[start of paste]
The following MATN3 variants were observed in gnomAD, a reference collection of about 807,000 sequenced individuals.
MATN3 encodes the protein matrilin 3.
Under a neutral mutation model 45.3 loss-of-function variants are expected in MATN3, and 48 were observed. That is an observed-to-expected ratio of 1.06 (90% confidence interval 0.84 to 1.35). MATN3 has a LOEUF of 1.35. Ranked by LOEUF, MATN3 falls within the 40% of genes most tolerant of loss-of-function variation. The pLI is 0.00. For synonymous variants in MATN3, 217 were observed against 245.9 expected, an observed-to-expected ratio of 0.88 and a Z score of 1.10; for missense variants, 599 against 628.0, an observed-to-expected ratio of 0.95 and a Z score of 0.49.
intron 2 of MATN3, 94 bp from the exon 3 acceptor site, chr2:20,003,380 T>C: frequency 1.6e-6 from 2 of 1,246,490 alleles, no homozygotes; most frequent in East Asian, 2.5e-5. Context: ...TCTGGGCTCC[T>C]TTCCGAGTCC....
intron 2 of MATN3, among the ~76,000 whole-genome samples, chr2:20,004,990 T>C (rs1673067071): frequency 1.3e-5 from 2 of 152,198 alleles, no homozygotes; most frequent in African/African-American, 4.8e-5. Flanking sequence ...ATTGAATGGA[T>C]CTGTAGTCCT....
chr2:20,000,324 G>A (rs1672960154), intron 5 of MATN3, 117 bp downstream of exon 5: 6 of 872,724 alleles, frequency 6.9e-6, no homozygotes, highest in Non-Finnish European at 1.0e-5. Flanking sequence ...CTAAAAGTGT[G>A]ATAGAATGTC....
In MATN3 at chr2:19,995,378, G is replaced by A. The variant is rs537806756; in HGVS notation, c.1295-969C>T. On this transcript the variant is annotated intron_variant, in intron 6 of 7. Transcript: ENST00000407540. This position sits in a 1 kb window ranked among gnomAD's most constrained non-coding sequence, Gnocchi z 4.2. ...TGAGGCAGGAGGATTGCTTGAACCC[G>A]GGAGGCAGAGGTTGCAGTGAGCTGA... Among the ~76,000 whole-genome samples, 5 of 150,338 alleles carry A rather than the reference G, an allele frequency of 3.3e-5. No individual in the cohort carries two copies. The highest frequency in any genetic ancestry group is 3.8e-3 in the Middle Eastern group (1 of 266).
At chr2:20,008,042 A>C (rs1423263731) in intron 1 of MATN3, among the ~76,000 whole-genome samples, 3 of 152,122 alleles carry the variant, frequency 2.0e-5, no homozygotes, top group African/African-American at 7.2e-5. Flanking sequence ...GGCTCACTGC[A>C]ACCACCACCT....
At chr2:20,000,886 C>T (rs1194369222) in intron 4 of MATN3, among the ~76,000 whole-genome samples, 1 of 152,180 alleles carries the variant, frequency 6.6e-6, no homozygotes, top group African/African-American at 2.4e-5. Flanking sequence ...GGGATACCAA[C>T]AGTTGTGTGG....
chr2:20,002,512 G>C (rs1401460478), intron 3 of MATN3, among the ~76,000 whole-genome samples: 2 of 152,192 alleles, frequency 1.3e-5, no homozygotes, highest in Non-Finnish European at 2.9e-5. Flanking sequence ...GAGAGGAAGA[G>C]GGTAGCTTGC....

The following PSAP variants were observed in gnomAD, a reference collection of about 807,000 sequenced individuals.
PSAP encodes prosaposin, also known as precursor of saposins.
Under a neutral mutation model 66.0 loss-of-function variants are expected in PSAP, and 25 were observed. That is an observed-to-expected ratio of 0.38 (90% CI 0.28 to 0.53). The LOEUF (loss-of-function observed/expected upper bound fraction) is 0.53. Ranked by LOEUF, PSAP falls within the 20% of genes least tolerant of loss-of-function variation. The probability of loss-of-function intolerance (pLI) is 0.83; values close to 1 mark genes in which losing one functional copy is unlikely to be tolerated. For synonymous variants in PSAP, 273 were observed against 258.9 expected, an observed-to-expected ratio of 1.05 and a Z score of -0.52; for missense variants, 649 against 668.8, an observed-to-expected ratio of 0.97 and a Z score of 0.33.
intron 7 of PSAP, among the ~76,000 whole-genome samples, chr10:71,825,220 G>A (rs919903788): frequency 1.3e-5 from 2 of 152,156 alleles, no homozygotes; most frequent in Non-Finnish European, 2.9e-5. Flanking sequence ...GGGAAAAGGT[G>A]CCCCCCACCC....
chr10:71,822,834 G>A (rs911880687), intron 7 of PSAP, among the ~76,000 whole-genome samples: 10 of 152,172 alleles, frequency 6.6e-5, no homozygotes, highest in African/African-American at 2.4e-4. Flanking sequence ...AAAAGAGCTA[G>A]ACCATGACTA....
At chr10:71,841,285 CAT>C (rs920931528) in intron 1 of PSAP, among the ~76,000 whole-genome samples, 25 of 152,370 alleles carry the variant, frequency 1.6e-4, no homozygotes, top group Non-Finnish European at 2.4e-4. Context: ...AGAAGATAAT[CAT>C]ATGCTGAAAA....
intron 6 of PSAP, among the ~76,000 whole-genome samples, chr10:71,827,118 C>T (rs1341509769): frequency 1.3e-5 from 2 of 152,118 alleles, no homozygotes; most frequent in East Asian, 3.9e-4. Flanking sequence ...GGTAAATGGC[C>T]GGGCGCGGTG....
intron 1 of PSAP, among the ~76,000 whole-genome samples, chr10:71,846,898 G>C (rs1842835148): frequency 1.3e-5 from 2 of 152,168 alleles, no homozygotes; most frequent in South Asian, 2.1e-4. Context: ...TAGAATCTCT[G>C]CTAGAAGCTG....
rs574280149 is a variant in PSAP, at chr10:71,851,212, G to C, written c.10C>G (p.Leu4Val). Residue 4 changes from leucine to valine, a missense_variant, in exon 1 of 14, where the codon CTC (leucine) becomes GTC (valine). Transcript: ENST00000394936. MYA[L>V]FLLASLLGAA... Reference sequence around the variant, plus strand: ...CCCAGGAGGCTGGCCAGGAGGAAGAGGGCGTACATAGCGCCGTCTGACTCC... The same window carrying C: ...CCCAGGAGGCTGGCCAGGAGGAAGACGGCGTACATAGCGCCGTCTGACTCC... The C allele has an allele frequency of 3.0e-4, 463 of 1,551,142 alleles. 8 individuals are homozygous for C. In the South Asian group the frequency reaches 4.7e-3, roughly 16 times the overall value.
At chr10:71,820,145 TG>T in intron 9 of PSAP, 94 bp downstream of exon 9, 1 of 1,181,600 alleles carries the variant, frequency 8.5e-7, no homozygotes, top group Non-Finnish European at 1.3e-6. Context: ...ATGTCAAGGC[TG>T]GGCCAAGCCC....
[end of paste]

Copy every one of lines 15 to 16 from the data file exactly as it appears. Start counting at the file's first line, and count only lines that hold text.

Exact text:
chr10:71,822,834 G>A (rs911880687), intron 7 of PSAP, among the ~76,000 whole-genome samples: 10 of 152,172 alleles, frequency 6.6e-5, no homozygotes, highest in African/African-American at 2.4e-4. Flanking sequence ...AAAAGAGCTA[G>A]ACCATGACTA....
At chr10:71,841,285 CAT>C (rs920931528) in intron 1 of PSAP, among the ~76,000 whole-genome samples, 25 of 152,370 alleles carry the variant, frequency 1.6e-4, no homozygotes, top group Non-Finnish European at 2.4e-4. Context: ...AGAAGATAAT[CAT>C]ATGCTGAAAA....